It’s true. Just because someone is accused of a sex offense, like the attempted rape of a child, as one California man was in 1998, doesn’t make the person guilty. The alleged offense may be serious in nature, and incite highly-charged emotions, but still that doesn’t make the person guilty.
Sometimes, the accused person may even be convicted, as the California man was in 2000 (of lewd conduct and attempted rape), but even that might not mean the person truly did it.
As we’ve said many times before, a sex offense charge could mean “guilty until proven innocent,” as it shouldn’t be in our justice system, at least in the eyes of the public, and juries aren’t always sympathetic to the plight of the person accused of such a crime.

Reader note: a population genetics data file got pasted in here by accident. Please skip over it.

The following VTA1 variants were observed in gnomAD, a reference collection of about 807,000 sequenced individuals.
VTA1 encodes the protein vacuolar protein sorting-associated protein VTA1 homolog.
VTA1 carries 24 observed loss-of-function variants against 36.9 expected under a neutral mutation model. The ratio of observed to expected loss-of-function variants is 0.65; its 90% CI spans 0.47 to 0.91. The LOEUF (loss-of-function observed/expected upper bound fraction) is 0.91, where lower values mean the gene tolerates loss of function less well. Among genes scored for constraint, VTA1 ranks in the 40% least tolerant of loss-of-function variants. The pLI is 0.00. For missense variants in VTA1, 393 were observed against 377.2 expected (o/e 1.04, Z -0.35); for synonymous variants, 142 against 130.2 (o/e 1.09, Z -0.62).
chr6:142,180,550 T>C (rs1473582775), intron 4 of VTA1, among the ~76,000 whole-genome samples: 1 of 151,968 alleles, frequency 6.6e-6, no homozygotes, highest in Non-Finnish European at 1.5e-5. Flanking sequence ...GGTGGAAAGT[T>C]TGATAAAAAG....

The National Registry of Exonerations website reports that this man, Johnny Williams from California, was convicted in 2000 of lewd conduct and attempted rape and sentenced to 16 years behind bars. On appeal, the convicted was upheld. Everything seemed stacked against him, despite the fact that prosecutorial evidence involving eyewitness testimony and DNA evidence didn’t add up.
But, finally, just this year, the case against him was dismissed and his conviction set aside, based on DNA evidence from 2012 that showed Williams could not have committed the crime.